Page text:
Taipei offers a fair number of vegetarian restaurants, but the choices get old pretty fast. Most places are either cheap cafeterias or expensive buffets, and the food is often bland or decent but overpriced.
Hopefully more shops like Vegi Garden (植善蔬食多國料理) will continue to pop up across the city. Located near Taipei Main Station behind the Shin Kong Mitsukoshi Building (新光三越), the restaurant strikes a nice balance between the budget cafeteria and the fancy buffet.
The menu, which includes pastas, risotto-type dishes and Asian-style noodles, is neither fancy nor chic. But everything I’ve had there was prepared very well and made with fresh ingredients.
The reasonable prices, averaging around NT$200 per meal, will encourage you to return if you happen to be in the neighborhood. Better yet, Vegi Garden is a nice place to sit and have a meal, sporting a Thai-style decor with lime green walls and wooden floors.
The wait staff will recommend the Mushroom and Wild Vegetables Hot Pot (猴頭菇野菜鍋, NT$260) as their signature dish. I wasn’t blown away, but I did find it to be just the right thing for a chilly day.
The steaming mini-cauldron arrives loaded with several types of mushrooms, including the meaty-textured lion’s mane mushroom (猴頭菇, literally “monkey’s head mushroom”), and a wide variety of leafy greens and root vegetables. As with all things hot pot, the magic is in the broth, and Vegi Garden’s favors subtlety of flavor over heartiness. Small amounts of ginger and basil give this broth a quiet zing.
For all of the homemade goodness, the overall flavors and ingredients used in Vegi Garden’s food cater to su (素, vegetarians), which means there will be a certain blandness attributed to the lack of garlic, onion, leeks and other strong-flavored foods that some Buddhists avoid for fear of overstimulating the body and mind.
Address: 47, Kaifeng St Sec 1, Taipei City (台北市開封街一段47號)
Telephone: (02) 2311-8198
Open: 11am to 2pm, 5pm to 9pm, every day
Average meal: NT$180 to NT$200
Details: English and Chinese menus, credit cards not accepted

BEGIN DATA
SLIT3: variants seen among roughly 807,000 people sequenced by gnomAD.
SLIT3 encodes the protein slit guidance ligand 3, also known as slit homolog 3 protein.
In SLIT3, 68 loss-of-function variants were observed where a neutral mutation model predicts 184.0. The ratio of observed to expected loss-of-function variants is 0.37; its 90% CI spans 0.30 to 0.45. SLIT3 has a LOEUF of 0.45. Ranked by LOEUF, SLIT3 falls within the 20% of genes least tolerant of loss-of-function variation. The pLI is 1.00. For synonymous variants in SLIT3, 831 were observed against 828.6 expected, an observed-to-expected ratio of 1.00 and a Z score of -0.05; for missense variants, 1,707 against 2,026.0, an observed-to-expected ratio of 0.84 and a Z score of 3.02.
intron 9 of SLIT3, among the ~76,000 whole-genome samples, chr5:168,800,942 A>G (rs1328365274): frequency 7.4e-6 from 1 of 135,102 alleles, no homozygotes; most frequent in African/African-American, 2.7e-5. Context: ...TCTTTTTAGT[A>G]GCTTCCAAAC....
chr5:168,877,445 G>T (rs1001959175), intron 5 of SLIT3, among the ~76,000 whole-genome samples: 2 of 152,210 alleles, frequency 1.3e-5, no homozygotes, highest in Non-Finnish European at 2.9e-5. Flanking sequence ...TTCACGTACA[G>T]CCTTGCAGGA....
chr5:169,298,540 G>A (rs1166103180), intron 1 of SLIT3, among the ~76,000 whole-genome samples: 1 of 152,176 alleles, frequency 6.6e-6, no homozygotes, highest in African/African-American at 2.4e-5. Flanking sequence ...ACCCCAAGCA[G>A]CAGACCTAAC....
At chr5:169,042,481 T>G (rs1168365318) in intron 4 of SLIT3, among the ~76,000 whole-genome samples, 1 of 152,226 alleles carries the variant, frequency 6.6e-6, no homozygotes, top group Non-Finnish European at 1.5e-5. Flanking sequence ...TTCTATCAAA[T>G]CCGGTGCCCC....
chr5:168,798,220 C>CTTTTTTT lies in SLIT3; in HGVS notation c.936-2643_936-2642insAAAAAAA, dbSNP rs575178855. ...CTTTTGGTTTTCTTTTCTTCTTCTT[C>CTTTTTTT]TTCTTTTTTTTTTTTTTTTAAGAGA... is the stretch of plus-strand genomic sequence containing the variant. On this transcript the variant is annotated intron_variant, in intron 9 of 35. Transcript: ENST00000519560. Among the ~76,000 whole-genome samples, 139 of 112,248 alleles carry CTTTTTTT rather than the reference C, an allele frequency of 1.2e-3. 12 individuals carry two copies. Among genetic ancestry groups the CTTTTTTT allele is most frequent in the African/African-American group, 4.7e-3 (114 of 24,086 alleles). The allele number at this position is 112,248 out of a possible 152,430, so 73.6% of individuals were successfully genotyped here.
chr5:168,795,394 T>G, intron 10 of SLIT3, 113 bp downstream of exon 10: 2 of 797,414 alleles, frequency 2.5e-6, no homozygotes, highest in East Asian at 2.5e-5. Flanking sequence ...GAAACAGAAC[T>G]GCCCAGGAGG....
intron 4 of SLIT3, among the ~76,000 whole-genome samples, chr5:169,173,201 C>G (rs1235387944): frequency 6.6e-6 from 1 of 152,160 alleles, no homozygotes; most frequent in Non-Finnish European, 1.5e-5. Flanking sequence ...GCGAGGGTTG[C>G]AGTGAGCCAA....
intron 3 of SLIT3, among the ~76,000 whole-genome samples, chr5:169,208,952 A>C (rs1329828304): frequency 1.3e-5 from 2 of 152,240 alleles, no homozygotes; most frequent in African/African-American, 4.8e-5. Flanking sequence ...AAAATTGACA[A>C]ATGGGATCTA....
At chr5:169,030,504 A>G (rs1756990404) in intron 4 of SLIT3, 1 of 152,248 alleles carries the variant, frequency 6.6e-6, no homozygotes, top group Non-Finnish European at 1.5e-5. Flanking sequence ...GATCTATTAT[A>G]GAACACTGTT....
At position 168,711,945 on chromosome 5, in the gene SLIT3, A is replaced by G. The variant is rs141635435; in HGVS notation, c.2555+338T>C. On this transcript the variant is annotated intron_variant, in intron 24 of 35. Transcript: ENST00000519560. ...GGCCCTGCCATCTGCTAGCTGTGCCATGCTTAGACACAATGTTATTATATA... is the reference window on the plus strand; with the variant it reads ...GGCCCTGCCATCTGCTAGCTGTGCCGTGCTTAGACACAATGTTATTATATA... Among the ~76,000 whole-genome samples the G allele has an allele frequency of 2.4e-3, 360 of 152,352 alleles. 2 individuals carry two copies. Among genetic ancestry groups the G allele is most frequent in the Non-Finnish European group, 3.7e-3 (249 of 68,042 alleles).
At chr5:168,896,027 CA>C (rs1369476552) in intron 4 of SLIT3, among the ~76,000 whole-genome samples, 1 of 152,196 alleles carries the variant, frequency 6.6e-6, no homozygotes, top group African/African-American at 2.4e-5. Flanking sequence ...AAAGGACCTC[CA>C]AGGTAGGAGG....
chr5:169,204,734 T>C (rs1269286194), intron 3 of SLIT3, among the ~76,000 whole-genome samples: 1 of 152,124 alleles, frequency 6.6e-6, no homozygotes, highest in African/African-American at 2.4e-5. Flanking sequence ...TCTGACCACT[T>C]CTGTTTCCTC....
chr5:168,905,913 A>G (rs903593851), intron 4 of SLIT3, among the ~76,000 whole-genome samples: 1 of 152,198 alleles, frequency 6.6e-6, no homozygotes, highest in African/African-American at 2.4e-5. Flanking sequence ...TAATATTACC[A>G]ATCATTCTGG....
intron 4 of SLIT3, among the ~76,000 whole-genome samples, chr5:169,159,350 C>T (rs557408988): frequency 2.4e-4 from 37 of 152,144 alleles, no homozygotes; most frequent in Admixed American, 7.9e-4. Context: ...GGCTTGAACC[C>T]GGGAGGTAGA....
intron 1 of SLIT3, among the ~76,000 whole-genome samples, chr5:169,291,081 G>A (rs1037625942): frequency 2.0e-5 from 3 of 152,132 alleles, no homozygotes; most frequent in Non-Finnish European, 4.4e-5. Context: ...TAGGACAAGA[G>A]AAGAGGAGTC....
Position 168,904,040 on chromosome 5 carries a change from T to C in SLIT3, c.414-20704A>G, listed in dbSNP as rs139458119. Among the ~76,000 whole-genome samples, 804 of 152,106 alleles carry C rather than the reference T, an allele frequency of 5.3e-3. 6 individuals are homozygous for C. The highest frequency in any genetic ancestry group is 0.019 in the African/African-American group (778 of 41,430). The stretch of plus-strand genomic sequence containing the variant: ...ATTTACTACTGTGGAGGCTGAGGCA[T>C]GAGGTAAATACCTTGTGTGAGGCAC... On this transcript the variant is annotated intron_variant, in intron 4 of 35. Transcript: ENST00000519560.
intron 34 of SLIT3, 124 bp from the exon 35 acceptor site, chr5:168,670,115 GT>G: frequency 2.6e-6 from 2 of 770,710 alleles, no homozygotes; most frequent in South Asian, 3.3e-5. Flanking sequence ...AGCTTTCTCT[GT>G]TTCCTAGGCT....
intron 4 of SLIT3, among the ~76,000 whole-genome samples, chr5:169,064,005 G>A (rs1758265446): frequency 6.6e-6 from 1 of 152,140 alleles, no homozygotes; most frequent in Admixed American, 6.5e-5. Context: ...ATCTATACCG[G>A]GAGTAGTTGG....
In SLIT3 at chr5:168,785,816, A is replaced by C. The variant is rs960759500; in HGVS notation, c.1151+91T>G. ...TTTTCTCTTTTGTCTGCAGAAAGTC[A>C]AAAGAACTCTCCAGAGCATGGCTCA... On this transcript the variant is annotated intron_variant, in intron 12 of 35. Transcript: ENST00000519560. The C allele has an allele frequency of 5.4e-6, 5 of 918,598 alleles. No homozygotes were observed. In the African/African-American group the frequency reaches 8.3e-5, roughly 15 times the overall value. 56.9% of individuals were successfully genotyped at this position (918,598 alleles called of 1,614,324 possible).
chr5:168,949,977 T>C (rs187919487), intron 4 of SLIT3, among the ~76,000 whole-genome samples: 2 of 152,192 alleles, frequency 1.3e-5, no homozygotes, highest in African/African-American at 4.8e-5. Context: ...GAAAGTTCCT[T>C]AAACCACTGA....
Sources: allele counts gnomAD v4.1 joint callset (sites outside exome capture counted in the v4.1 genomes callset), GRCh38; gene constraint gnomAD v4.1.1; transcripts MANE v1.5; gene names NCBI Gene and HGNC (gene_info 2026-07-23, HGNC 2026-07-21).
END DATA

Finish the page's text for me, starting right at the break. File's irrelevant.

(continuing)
But that’s not necessarily a bad thing, and the other dishes I had were anything but bland. If you like Korean food, don’t hesitate to order the bibimbap, which the menu dubs “Korean stone pot stirred rice” (韓式石鍋拌飯, NT$200). This sizzling bowl is loaded with what one would normally expect: veggie greens, bean sprouts, several kinds of tofu (including fake meat), mushrooms, kimchi and hot sauce.
You can ask for your desired level of heat with your hot sauce, but be aware that Vegi Garden errs on the spicy side. I asked for xiaola (小辣, slightly spicy), and still found myself wiping sweat from my brow after lunch. But I would definitely stop in again for this dish, as it beats comparable offerings at the run-of-the-mill food court by a long mile, vegetarian or not.
In Mandarin, Vegi Garden calls itself a “multi-national” restaurant (多國料理), offering “European” dishes such as “marine wild mushroom baked penne pasta” (海洋野菇焗麵, NT$220). I decided not to risk being disappointed and skipped this dish, but was pleasantly surprised when I had a bite of my dining companion’s pumpkin mushroom stewed rice (南瓜蘑菇燉飯, NT$190), which had a buttery-rich flavor.
The restaurant also makes its own noodles, with a Japanese wild mushroom (日式野菇拉麵) and a Thai-style sweet and sour ramen (泰式酸辣拉麵) for NT$180 each.
For an additional NT$80, you can turn any dish into a set meal, which includes hot herbal tea and small side dish. If you have the appetite and time to spare, it’s worth it. The side dish on my last visit was a fresh and tasty Thai-style papaya salad, a novel touch from a novel vegetarian restaurant.